In 1879 the National Armory in Springfield began the development of the first competition cartridge ever undertaken by the U.S. Army. But, as curious as it may sound, you will not find any records as such. In 1879 the United States Congress was not likely to approve appropriations for arms and ammunition for things such as “target shooting”. So, under the pretext of producing a “sniper” or “long range” military rifle, the first competition rifles and ammunition were manufactured. The rifle was the well known 45-70 Springfield “Trapdoor” with modifications including vernier tang sights and spirit level front sights. The cartridge was a specially made 45 caliber copper cartridge, with 80 grains of black powder and a 500 grain bullet. Officially called the “Lengthened Chamber Cartridge” or “2.4 inch Case” the cartridge is known by collectors today as the 45-80-500 Sharpshooter.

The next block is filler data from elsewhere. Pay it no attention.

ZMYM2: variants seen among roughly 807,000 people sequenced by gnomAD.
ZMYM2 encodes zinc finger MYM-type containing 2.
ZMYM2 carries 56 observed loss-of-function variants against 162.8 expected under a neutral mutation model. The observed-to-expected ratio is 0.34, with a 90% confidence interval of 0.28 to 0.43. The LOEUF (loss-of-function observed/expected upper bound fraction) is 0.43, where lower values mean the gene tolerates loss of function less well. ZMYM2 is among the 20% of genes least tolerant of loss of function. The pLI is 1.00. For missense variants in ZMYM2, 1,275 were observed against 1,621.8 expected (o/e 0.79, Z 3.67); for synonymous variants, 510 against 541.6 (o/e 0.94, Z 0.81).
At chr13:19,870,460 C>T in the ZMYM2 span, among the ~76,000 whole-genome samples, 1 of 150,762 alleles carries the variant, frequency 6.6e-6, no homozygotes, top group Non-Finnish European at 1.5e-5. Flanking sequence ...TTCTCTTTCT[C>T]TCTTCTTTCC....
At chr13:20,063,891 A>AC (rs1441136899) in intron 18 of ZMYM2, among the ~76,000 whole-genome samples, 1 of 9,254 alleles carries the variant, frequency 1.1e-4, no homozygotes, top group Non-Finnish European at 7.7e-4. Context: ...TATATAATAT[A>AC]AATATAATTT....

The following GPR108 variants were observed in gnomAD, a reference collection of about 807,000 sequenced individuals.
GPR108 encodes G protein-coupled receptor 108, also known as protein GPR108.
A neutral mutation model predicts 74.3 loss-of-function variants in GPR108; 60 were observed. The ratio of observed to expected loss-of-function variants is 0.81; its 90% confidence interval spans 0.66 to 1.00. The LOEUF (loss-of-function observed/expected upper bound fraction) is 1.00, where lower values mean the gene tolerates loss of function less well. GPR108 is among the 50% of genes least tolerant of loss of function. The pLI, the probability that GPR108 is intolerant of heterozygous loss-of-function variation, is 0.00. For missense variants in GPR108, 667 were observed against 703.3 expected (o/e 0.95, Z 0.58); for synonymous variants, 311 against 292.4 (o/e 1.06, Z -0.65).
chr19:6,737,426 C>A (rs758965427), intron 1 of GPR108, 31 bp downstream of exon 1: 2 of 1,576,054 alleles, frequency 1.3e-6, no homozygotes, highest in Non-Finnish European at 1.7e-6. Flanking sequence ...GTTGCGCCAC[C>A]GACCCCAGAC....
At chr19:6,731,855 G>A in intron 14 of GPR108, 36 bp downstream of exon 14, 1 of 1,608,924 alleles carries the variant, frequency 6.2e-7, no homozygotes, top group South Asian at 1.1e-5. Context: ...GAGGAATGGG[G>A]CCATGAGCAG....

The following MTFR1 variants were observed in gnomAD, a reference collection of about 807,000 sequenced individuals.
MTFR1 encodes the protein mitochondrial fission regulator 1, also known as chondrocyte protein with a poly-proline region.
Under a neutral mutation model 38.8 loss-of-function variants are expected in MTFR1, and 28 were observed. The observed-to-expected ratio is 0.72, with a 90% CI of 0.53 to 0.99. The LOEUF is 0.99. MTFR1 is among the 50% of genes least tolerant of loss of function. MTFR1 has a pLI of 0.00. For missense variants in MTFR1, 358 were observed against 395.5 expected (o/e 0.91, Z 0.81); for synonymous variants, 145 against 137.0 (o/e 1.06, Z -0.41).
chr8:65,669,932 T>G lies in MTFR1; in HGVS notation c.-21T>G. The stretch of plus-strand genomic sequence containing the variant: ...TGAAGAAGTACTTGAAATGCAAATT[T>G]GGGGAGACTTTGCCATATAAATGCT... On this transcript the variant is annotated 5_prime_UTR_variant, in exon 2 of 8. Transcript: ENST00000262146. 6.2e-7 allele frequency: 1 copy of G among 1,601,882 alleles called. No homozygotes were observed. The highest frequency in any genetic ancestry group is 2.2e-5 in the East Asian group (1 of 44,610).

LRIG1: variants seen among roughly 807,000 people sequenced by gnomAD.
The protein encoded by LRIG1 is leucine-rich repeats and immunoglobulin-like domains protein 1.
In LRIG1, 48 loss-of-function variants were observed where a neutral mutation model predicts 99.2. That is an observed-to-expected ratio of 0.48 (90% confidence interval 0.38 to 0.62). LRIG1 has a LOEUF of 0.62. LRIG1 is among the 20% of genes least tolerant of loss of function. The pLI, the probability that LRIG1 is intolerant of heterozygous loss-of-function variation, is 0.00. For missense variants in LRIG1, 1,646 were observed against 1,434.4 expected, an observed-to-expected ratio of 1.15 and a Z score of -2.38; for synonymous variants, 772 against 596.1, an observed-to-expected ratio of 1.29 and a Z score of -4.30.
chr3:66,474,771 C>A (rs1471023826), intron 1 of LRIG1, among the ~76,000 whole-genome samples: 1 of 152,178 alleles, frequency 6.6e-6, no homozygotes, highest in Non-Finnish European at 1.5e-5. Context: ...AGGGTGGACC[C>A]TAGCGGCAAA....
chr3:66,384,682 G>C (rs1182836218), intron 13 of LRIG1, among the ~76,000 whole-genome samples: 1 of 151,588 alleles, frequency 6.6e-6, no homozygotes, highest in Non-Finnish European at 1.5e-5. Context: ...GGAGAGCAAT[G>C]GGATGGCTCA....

Beginning with its adoption in 1892, though hardly considered a match cartridge, the 30-40 Krag with its slow moving 220 grain bullet was good enough to win many matches using the standard ball ammunition. Attempts were made to increase long range accuracy through the use of specially made bullets, such as the Remington 172-grain Thomas Pencil Point (very similar to today’s modern VLD). Even though such improvements succeeded, the cartridge itself was short-lived and was destined to be replaced a few years later by one without equal, before or since, the 30-06.